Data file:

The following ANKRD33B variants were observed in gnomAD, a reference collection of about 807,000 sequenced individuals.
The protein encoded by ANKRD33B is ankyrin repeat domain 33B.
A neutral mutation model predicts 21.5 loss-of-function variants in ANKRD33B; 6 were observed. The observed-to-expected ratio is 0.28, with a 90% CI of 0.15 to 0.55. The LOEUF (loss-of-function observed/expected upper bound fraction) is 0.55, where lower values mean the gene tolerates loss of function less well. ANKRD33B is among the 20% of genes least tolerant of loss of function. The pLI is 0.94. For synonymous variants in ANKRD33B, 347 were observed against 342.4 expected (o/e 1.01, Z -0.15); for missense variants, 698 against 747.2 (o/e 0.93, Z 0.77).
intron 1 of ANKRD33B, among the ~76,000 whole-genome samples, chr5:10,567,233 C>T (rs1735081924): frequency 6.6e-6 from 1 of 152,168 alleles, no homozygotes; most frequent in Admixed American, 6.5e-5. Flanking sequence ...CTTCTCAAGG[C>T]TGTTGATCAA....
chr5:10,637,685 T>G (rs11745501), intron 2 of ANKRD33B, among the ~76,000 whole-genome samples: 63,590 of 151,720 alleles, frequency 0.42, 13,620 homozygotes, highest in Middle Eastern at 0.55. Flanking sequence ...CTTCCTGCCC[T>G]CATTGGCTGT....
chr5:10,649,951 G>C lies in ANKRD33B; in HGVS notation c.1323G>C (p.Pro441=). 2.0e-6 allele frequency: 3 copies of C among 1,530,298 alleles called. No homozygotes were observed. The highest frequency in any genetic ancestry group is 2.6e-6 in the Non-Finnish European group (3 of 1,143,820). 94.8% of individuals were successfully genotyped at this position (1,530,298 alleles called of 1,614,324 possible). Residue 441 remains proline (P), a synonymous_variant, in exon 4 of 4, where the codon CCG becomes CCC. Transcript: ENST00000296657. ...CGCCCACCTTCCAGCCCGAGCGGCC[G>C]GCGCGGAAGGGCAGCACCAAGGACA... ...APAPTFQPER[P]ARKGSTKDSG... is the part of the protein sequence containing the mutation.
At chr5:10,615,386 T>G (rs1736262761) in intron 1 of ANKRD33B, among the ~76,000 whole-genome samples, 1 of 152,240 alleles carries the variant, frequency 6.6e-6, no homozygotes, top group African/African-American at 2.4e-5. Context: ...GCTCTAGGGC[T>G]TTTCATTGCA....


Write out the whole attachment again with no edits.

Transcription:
The following ANKRD33B variants were observed in gnomAD, a reference collection of about 807,000 sequenced individuals.
The protein encoded by ANKRD33B is ankyrin repeat domain 33B.
A neutral mutation model predicts 21.5 loss-of-function variants in ANKRD33B; 6 were observed. The observed-to-expected ratio is 0.28, with a 90% CI of 0.15 to 0.55. The LOEUF (loss-of-function observed/expected upper bound fraction) is 0.55, where lower values mean the gene tolerates loss of function less well. ANKRD33B is among the 20% of genes least tolerant of loss of function. The pLI is 0.94. For synonymous variants in ANKRD33B, 347 were observed against 342.4 expected (o/e 1.01, Z -0.15); for missense variants, 698 against 747.2 (o/e 0.93, Z 0.77).
intron 1 of ANKRD33B, among the ~76,000 whole-genome samples, chr5:10,567,233 C>T (rs1735081924): frequency 6.6e-6 from 1 of 152,168 alleles, no homozygotes; most frequent in Admixed American, 6.5e-5. Flanking sequence ...CTTCTCAAGG[C>T]TGTTGATCAA....
chr5:10,637,685 T>G (rs11745501), intron 2 of ANKRD33B, among the ~76,000 whole-genome samples: 63,590 of 151,720 alleles, frequency 0.42, 13,620 homozygotes, highest in Middle Eastern at 0.55. Flanking sequence ...CTTCCTGCCC[T>G]CATTGGCTGT....
chr5:10,649,951 G>C lies in ANKRD33B; in HGVS notation c.1323G>C (p.Pro441=). 2.0e-6 allele frequency: 3 copies of C among 1,530,298 alleles called. No homozygotes were observed. The highest frequency in any genetic ancestry group is 2.6e-6 in the Non-Finnish European group (3 of 1,143,820). 94.8% of individuals were successfully genotyped at this position (1,530,298 alleles called of 1,614,324 possible). Residue 441 remains proline (P), a synonymous_variant, in exon 4 of 4, where the codon CCG becomes CCC. Transcript: ENST00000296657. ...CGCCCACCTTCCAGCCCGAGCGGCC[G>C]GCGCGGAAGGGCAGCACCAAGGACA... ...APAPTFQPER[P]ARKGSTKDSG... is the part of the protein sequence containing the mutation.
At chr5:10,615,386 T>G (rs1736262761) in intron 1 of ANKRD33B, among the ~76,000 whole-genome samples, 1 of 152,240 alleles carries the variant, frequency 6.6e-6, no homozygotes, top group African/African-American at 2.4e-5. Context: ...GCTCTAGGGC[T>G]TTTCATTGCA....